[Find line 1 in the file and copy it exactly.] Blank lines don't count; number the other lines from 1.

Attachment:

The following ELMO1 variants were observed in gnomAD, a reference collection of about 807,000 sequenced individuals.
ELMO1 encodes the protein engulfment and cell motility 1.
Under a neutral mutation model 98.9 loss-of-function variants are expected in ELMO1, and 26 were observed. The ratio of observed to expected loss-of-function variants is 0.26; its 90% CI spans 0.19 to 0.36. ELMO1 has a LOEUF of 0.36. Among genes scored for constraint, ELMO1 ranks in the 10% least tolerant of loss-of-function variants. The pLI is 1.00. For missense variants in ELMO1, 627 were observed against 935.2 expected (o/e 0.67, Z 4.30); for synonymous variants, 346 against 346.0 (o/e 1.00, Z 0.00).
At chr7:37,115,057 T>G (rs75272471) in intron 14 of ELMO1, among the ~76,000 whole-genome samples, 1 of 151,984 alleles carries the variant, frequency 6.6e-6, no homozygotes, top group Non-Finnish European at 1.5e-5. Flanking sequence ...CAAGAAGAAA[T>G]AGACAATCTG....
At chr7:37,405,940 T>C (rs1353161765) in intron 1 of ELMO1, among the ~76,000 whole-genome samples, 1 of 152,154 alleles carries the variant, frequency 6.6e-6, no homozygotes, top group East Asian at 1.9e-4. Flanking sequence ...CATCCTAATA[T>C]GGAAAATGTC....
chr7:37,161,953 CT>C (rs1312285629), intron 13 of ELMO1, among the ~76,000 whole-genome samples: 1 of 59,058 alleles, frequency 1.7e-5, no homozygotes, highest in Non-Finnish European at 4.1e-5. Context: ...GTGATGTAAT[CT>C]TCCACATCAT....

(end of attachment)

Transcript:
The following ELMO1 variants were observed in gnomAD, a reference collection of about 807,000 sequenced individuals.